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Hillsborough Storage, L.L.C. v. Hillsborough Township Zoning Board of Adjustment

A-4125-06T3 (N.J. Super. App. Div. 2008) (Unpublished)

ZONING; SELF-STORAGE FACILITIES — Provided it is not acting arbitrarily, capriciously or unreasonably, a land use board has the right to interpret the meaning of “self-storage facilities” within its local ordinance even though its interpretation may differ from the meaning given to that term by other land use boards or even court decisions.

A property owner sold a 3-1/2 acre property located in an industrial zone to a company that planned to construct and operate a self-storage facility there. The property owner and the storage company applied for minor subdivision approval and for a rear-yard variance. A competitor that operated a nearby facility objected and argued, with the aid of an expert witness, that while warehouses were a permitted use in the zone where the company wanted to build, self-storage facilities were not considered warehouses and therefore were not a permitted use on the property. The municipality’s planner testified that self-storage facilities were a permitted use and pointed out that three such facilities had been built in the same zone and that the zoning ordinance had been not been changed since they had been built. The municipality’s zoning board of adjustment found that self-storage facilities were a permitted use under the zoning ordinance. It approved the application. The competitor sued the board, the storage company, and the property owner. The property owner responded with a counterclaim alleging frivolous litigation. The lower court upheld the board’s finding, but dismissed the property owner’s motion for sanctions against the competitor based on its frivolous litigation claim.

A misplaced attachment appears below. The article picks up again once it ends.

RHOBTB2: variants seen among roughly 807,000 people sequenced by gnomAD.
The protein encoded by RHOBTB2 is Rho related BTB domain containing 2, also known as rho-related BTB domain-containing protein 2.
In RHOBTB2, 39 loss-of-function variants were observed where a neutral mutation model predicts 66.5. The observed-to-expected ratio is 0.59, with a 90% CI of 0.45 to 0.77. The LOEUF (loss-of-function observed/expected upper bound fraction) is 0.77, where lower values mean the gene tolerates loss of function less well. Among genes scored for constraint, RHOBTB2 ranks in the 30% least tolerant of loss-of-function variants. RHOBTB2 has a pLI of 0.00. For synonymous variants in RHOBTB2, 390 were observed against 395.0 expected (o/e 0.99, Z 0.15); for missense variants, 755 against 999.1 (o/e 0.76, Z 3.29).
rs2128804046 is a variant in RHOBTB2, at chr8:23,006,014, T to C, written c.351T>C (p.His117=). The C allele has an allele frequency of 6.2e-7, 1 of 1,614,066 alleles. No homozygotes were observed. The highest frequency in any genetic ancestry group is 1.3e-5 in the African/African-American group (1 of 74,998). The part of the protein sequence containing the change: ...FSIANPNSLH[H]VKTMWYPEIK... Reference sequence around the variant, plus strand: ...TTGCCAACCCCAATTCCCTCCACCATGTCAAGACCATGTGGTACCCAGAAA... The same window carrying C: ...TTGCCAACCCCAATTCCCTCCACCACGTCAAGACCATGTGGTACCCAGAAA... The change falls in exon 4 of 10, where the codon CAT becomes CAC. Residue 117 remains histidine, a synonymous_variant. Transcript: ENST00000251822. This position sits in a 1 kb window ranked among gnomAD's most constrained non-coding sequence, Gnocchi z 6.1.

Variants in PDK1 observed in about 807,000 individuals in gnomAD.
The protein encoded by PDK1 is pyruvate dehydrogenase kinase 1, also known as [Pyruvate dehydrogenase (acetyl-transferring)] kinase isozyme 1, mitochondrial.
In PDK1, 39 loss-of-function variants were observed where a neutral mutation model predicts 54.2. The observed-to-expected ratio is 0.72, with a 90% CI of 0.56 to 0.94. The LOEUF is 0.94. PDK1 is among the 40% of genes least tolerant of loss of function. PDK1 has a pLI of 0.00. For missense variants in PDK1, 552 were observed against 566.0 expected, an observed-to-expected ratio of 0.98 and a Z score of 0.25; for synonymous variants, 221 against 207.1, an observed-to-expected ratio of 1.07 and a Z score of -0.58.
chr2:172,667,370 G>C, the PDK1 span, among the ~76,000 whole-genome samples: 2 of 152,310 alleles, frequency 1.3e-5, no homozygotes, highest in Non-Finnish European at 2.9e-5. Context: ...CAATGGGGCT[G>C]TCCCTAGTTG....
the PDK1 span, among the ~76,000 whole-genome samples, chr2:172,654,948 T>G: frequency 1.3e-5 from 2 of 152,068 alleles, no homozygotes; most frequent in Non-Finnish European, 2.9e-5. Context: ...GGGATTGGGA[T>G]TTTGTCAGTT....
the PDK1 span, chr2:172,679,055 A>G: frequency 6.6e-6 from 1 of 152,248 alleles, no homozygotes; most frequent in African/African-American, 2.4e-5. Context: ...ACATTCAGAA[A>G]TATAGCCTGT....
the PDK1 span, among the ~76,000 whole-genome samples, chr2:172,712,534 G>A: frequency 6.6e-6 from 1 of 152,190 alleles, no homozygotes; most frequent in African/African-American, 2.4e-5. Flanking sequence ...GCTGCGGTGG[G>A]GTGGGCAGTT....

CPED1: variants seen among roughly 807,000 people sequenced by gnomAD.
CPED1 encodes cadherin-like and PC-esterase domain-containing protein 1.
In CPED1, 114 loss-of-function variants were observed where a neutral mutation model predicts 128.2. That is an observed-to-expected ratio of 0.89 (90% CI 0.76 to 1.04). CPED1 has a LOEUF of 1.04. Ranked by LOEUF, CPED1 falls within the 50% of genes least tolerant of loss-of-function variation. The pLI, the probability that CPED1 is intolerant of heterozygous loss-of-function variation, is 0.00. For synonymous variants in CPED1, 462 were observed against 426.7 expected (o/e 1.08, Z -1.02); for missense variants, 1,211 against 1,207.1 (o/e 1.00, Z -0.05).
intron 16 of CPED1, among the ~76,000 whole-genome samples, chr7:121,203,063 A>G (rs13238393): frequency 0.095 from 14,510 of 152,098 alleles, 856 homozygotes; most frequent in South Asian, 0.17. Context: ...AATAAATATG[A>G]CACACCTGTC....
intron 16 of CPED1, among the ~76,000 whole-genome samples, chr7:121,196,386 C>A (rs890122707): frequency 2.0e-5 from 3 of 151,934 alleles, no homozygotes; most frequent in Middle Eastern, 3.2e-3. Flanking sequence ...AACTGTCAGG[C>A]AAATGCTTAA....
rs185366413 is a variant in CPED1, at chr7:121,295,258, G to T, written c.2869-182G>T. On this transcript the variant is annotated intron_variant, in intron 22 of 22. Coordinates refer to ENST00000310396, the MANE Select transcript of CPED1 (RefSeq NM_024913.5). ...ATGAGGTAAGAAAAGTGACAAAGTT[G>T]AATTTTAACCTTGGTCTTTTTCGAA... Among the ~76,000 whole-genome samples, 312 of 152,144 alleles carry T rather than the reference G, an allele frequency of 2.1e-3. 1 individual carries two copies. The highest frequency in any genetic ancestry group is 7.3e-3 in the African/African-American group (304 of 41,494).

On appeal, the Appellate Division disagreed with the competitor’s argument that a previous decision holding that self-storage facilities differed from warehouses in storage methods, clientele, and mode of delivery indicated that they were not a permitted use in a zone where warehouses were explicitly permitted. It pointed out that a governmental agency’s interpretation of a statute over a number of years without legislative interference indicated evidence of conformity with the legislative intent. Therefore, it found that the presence of, and prior board approval of, the three existing self-storage facilities indicated that the board interpreted the zoning ordinance to allow them. Additionally, the board’s decision was found not to be arbitrary, capricious or unreasonable. On the property owner’s cross-appeal of the lower court’s dismissal of its frivolous litigation claim, the Court found that the competitor had reason to believe that the property owner was a legitimate party to the litigation since the sale was contingent on approval of the self-storage facility’s construction. Based on its findings and conclusions, the Court affirmed the lower court’s rulings that had upheld the board’s decision and to dismiss the property owner’s frivolous litigation claim.


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